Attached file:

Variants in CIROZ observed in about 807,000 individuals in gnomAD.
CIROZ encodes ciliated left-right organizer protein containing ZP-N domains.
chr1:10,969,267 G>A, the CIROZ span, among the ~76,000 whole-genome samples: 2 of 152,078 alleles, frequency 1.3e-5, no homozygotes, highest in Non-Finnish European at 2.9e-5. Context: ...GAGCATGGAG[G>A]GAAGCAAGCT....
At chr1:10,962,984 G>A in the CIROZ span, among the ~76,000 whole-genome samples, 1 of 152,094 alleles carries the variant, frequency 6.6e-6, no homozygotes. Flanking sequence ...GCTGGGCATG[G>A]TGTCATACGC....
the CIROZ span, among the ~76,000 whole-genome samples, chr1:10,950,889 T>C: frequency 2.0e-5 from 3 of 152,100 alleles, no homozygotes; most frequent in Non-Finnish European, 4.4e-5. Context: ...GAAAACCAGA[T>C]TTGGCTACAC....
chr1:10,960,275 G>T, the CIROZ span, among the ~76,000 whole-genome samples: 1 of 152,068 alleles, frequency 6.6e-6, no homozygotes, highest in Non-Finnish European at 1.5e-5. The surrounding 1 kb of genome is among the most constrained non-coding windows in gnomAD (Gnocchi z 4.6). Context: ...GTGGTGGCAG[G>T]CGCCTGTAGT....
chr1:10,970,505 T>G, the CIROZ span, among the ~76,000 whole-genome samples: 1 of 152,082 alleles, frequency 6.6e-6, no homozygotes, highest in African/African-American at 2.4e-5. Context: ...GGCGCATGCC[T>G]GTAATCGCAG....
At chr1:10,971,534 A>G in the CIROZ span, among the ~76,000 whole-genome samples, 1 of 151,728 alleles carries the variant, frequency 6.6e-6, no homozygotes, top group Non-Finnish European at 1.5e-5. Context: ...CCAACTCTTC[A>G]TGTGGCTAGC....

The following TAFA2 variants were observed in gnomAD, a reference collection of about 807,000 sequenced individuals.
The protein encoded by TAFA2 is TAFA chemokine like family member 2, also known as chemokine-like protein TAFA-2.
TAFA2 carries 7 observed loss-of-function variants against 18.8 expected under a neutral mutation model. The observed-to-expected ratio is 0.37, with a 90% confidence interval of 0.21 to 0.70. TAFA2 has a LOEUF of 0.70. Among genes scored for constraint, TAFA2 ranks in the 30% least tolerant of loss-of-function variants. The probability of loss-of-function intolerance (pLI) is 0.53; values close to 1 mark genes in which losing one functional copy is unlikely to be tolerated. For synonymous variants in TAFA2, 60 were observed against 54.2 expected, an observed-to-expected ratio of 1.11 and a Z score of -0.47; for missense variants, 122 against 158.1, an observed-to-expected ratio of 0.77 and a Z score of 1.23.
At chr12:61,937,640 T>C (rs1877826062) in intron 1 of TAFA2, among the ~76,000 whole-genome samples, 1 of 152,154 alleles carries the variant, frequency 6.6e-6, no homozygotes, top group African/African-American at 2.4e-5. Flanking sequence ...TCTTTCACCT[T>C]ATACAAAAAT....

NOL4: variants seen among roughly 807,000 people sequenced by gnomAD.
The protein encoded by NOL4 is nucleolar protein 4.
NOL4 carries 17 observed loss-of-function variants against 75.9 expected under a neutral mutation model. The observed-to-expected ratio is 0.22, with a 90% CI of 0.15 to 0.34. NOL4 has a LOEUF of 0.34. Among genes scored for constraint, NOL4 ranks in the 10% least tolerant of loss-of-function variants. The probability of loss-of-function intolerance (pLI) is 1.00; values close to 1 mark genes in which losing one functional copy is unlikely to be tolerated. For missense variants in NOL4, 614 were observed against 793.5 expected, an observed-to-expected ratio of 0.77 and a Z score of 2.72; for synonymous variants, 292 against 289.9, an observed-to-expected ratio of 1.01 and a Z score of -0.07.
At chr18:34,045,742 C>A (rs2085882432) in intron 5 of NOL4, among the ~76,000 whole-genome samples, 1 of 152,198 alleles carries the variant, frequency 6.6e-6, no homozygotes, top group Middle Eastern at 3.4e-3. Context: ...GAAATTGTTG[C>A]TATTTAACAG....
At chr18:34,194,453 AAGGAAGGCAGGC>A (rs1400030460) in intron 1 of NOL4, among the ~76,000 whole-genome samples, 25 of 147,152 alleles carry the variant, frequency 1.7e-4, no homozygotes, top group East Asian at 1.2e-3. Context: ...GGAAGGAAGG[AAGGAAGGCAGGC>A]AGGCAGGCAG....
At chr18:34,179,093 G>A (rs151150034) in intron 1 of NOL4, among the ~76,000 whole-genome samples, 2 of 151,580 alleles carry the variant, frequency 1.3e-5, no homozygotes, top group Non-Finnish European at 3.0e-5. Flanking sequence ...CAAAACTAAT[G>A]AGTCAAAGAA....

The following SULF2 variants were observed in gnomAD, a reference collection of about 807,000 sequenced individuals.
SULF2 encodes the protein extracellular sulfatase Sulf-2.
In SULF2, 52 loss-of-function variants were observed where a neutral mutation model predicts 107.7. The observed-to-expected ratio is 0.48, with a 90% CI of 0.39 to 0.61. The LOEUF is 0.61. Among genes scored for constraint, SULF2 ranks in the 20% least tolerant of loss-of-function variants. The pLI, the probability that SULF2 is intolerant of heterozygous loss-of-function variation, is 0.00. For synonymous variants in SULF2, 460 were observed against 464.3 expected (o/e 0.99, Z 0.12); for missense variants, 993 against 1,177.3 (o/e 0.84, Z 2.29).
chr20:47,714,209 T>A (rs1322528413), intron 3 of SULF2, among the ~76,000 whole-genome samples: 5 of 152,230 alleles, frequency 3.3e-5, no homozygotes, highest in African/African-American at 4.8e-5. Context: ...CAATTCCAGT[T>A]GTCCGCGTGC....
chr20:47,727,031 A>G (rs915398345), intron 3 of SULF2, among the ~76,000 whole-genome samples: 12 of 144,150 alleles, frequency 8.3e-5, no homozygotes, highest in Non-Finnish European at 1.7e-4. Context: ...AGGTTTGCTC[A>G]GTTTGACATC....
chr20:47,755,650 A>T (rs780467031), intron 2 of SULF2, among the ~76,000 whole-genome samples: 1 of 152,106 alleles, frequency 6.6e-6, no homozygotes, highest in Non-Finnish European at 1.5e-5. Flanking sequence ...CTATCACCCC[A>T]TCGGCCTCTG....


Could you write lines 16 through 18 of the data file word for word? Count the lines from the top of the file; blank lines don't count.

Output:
At chr18:34,045,742 C>A (rs2085882432) in intron 5 of NOL4, among the ~76,000 whole-genome samples, 1 of 152,198 alleles carries the variant, frequency 6.6e-6, no homozygotes, top group Middle Eastern at 3.4e-3. Context: ...GAAATTGTTG[C>A]TATTTAACAG....
At chr18:34,194,453 AAGGAAGGCAGGC>A (rs1400030460) in intron 1 of NOL4, among the ~76,000 whole-genome samples, 25 of 147,152 alleles carry the variant, frequency 1.7e-4, no homozygotes, top group East Asian at 1.2e-3. Context: ...GGAAGGAAGG[AAGGAAGGCAGGC>A]AGGCAGGCAG....
At chr18:34,179,093 G>A (rs151150034) in intron 1 of NOL4, among the ~76,000 whole-genome samples, 2 of 151,580 alleles carry the variant, frequency 1.3e-5, no homozygotes, top group Non-Finnish European at 3.0e-5. Flanking sequence ...CAAAACTAAT[G>A]AGTCAAAGAA....